Use this link for 5% off at iHerb.
To address the growing use of ad blockers we now use affiliate links to sites like Amazon.com, streaming services, and others. Affiliate links help sites like QualityCounts.com stay open. Affiliate links cost you nothing but help me support my family. We do not allow paid reviews on this site. As an Amazon Associate I earn from qualifying purchases.  Also, you can donate to ben@qualitycounts.com via Zelle or PayPal.  Click here for the PayPal QR code.
Home | Catalog | Women's short-sleeve t-shirts | Men's long-sleeve t-shirts | Men's short-sleeve t-shirts |
Sweatshirts | Hoodies | Women's long-sleeve t-shirts | Women's classic fit | Men's classic fit

Home iHerb ReliableRx Amazon.com Contact
 Sign-up for newsletter 
 Newsletter Archive
 Newsletter via RSS Feed
 Research on Supplements
 Health Conditions
 Anti-aging Recommendations
 Insulin and Aging
 QualityCounts.com in Time
 Longevity Affiliates:

Home > Anti-aging Research > Sleep


Related Topics:

News & Research:

  • Waking just one hour earlier cuts depression risk by double digits, study finds - Science Daily, 5/28/21 - "This suggests that if someone who normally goes to bed at 1 a.m. goes to bed at midnight instead and sleeps the same duration, they could cut their risk by 23%; if they go to bed at 11 p.m., they could cut it by about 40%" - Note: Here's my sleep formula.  It might be overkill but it works: 1000 mg of l-tryptophan (see tryptophan), 750 mg of GABA (see GABA), 200 mg of l-theanine (see l-theanine), 1 Valerian Nighttime (see valerian), 300 mg of relora (see relora, lowers cortisol), 300 mg of phosphatidyl serine (see phosphatidyl serine, lowers cortisol), 100 mg  of French oak extract (See French oak extract), 1300 mg of ashwaganda (See ashwagandha), 1 Nature's Way Chamomile Extract (see chamomile), tart cherry extract (see cherry extract), 88 mg saffron (see saffron), 25 mg B-6 - increases melatonin absorption, cut in half) (see B-vitamins), Jarrow B12/Folate and 3 mg melatonin (see melatonin).  Also, see my insomnia page.
  • Get a Good Night's Sleep Before Your COVID Vaccine - WebMD, 1/20/21 - "As COVID-19 vaccines are being distributed, it is of utmost importance that patients continue to prioritize their sleep to maintain optimal health ... Getting sufficient, high-quality sleep on a regular basis strengthens your body's immune system and optimizes your response to a vaccine ... A good night's sleep before and after vaccination could be very advantageous"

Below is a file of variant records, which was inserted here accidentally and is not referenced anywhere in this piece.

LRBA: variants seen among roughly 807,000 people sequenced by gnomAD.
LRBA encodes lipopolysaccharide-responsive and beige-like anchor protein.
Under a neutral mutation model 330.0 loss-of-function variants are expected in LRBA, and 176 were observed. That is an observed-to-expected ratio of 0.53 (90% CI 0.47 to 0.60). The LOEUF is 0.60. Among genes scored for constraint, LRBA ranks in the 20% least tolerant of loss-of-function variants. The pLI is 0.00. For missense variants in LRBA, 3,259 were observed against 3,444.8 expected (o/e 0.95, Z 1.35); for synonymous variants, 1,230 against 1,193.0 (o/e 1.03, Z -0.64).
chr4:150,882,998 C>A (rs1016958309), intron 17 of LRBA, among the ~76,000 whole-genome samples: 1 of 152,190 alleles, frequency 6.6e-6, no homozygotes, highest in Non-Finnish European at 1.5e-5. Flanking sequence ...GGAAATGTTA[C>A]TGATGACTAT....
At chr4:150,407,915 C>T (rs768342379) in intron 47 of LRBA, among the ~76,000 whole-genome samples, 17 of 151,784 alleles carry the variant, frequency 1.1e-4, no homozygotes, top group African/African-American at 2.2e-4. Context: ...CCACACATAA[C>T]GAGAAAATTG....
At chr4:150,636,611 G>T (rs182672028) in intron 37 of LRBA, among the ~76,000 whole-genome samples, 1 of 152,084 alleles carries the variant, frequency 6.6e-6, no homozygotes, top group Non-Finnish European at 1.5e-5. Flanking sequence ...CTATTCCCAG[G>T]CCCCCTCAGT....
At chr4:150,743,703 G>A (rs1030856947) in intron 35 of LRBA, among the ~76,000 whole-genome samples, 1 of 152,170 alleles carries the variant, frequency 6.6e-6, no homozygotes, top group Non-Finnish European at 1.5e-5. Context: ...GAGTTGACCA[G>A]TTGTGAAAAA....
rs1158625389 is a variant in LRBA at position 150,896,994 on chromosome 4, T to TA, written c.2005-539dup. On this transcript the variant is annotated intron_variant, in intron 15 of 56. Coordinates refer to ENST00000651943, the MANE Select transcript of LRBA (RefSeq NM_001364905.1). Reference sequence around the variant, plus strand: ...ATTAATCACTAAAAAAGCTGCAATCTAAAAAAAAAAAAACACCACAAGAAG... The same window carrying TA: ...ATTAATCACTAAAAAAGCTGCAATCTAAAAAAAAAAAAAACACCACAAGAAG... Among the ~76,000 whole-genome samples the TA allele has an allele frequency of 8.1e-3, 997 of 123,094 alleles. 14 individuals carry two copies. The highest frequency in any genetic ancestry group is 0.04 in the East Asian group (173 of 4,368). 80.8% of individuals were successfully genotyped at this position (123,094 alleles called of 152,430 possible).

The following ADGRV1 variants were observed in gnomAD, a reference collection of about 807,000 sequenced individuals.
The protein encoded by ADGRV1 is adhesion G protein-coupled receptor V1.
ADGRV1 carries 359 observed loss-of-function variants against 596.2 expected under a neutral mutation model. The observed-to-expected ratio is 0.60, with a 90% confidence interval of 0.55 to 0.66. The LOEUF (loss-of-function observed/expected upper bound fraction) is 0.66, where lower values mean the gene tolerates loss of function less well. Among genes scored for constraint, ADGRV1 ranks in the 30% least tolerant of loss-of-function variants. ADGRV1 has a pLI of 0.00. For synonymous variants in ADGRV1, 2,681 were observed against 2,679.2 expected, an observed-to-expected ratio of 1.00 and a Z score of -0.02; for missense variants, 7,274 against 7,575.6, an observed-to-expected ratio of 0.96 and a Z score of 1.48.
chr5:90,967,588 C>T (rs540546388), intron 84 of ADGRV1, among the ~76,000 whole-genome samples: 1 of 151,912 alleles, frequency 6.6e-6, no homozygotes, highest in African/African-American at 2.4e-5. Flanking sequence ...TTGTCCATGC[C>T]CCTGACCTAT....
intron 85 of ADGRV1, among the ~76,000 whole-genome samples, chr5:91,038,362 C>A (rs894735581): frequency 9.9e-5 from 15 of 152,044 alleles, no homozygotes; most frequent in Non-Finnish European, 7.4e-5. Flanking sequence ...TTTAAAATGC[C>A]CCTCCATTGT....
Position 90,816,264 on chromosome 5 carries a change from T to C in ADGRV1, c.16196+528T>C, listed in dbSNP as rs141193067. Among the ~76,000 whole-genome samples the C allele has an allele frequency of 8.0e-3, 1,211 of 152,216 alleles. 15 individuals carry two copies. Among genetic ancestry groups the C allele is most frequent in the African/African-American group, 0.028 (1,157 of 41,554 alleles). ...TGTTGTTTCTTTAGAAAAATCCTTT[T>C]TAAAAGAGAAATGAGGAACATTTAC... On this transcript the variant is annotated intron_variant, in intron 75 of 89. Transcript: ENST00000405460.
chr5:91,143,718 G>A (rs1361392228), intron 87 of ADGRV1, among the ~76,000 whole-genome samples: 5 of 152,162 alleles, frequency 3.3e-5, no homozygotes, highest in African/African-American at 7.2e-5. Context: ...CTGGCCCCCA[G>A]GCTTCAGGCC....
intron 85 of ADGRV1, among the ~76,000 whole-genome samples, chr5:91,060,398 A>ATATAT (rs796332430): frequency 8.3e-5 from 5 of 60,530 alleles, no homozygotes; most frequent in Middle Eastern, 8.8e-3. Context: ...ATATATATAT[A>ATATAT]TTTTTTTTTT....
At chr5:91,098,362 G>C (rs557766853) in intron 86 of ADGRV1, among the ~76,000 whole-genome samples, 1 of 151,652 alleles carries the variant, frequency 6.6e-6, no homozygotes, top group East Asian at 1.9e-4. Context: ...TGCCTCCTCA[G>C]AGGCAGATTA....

• ‘A Rinsing of the Brain.’ New Research Shows How Sleep Could Ward Off Alzheimer's Disease - Time, 8/6/20 - "Spira studied brain scans of 70 healthy adults with an average age of 76. Indeed, the scans of those who reported less or compromised sleep showed higher levels of amyloid plaques than the scans of those who slept better ... These results very much support the notion that one of the roles of sleep is to actually accelerate the clearance of beta amyloid from the brain ... in healthy adults, during the day when the brain is active, there is less fluid bathing neurons and tissues in the organ. During sleep--and especially during deeper sleep--this solution saturates the brain in a cleansing flood. The finding reinforced Nedergaard's theory that sleeping may help clear the brain of toxic proteins that can eventually cause disease ... She and others don't believe sleep alone can fully prevent Alzheimer's or halt its progression. But together with other therapies that could emerge to treat the disease, sleep may be a powerful way to help people lower their risk even further. It's even possible that sleep could play an important role in keeping our brains healthy in other ways: by controlling metabolism and other cellular functions behind diseases like diabetes, hypertension and even cancer. As the latest research shows, a good night's sleep isn't a luxury--it's critical for keeping the brain healthy."